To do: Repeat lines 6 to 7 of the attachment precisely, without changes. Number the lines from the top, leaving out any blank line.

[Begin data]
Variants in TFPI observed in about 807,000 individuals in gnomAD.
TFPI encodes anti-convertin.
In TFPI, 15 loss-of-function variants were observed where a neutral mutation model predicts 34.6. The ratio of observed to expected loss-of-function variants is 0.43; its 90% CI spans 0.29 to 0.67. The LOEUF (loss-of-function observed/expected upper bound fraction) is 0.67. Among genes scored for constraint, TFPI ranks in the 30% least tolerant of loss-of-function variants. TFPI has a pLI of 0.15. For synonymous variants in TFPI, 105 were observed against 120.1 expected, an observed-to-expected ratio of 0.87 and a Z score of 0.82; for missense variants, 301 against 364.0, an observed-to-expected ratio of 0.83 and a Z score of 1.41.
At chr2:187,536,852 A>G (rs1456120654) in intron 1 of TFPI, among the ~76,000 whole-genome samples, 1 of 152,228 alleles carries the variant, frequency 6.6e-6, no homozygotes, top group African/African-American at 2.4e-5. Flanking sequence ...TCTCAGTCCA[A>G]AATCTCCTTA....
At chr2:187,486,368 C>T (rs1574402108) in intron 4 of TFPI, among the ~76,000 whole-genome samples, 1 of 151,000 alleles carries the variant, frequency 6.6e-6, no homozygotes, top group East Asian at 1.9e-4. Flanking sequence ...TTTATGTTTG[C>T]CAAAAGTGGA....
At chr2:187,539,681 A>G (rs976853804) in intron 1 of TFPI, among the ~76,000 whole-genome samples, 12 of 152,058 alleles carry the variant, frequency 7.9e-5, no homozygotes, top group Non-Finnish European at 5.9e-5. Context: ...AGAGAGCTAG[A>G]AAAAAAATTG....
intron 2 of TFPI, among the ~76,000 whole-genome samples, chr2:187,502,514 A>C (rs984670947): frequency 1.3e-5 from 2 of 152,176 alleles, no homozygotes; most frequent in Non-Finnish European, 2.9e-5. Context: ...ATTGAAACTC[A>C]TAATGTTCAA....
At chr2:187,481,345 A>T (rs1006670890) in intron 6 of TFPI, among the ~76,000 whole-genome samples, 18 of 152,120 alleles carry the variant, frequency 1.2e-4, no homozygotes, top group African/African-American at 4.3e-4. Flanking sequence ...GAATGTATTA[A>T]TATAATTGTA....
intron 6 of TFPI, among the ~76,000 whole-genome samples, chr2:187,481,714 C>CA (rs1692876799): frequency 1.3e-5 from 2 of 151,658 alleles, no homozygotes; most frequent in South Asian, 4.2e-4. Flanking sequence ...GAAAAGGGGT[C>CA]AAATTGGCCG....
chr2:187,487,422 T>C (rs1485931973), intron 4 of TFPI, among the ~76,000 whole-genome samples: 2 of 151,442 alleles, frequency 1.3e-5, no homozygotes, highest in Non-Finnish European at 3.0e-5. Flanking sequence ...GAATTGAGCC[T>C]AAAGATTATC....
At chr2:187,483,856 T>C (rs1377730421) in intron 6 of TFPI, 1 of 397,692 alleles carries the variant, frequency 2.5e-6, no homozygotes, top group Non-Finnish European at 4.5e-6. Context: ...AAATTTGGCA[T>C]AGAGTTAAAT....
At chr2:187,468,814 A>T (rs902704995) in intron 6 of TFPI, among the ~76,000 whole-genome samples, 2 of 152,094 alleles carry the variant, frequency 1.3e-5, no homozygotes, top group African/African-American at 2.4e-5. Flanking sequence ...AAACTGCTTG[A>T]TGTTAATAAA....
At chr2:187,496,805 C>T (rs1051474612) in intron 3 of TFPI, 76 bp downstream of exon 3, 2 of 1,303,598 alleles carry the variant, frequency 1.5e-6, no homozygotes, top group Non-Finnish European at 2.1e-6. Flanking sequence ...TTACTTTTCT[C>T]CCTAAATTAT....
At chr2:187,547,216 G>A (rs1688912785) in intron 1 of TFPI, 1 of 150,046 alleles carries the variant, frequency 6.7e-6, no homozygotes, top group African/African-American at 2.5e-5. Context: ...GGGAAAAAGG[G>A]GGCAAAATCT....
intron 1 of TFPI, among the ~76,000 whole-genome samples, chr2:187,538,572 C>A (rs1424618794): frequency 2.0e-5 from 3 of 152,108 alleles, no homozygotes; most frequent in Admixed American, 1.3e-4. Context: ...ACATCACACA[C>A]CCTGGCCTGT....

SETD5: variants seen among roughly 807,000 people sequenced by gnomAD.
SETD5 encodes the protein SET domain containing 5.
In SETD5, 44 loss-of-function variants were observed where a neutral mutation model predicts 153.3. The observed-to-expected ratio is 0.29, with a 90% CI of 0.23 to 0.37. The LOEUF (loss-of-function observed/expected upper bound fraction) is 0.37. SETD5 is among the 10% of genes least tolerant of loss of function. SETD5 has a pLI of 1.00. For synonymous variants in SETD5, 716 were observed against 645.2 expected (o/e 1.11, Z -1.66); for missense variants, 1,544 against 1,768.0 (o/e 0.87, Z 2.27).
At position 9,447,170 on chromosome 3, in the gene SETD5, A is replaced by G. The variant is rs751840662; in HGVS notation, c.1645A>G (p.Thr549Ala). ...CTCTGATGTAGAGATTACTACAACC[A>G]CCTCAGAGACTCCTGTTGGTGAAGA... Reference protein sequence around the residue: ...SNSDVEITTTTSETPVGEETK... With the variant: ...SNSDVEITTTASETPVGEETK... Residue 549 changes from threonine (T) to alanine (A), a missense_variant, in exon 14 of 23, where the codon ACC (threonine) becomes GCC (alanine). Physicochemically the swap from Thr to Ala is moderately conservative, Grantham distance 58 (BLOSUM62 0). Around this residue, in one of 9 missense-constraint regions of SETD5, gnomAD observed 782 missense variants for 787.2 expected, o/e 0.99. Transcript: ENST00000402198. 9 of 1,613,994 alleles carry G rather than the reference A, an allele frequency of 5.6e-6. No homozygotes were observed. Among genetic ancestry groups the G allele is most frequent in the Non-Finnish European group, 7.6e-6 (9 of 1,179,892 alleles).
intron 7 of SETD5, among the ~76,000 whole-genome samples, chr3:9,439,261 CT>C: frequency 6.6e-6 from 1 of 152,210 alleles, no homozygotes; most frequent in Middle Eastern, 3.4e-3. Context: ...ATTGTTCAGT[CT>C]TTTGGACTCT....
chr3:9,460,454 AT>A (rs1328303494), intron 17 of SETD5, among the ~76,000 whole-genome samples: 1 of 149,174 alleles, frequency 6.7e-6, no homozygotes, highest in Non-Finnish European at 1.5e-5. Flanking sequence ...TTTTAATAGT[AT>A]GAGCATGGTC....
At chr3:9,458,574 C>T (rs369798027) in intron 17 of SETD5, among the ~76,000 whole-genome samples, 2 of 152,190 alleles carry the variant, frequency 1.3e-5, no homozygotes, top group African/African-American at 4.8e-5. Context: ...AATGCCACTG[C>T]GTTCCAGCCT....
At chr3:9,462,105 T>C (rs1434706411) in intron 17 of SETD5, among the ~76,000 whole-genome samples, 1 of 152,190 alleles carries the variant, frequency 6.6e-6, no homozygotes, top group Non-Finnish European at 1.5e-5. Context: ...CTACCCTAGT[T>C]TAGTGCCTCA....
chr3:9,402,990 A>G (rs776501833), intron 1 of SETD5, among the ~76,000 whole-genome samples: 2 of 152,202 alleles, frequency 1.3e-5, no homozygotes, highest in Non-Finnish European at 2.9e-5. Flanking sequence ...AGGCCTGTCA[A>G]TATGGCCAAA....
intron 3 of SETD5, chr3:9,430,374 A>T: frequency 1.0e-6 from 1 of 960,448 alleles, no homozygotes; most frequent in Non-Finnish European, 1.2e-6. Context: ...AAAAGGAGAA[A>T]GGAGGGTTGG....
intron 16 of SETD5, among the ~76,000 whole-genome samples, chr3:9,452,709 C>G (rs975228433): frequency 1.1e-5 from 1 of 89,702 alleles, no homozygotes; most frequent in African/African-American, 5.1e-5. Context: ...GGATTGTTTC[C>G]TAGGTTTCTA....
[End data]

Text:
At chr2:187,539,681 A>G (rs976853804) in intron 1 of TFPI, among the ~76,000 whole-genome samples, 12 of 152,058 alleles carry the variant, frequency 7.9e-5, no homozygotes, top group Non-Finnish European at 5.9e-5. Context: ...AGAGAGCTAG[A>G]AAAAAAATTG....
intron 2 of TFPI, among the ~76,000 whole-genome samples, chr2:187,502,514 A>C (rs984670947): frequency 1.3e-5 from 2 of 152,176 alleles, no homozygotes; most frequent in Non-Finnish European, 2.9e-5. Context: ...ATTGAAACTC[A>C]TAATGTTCAA....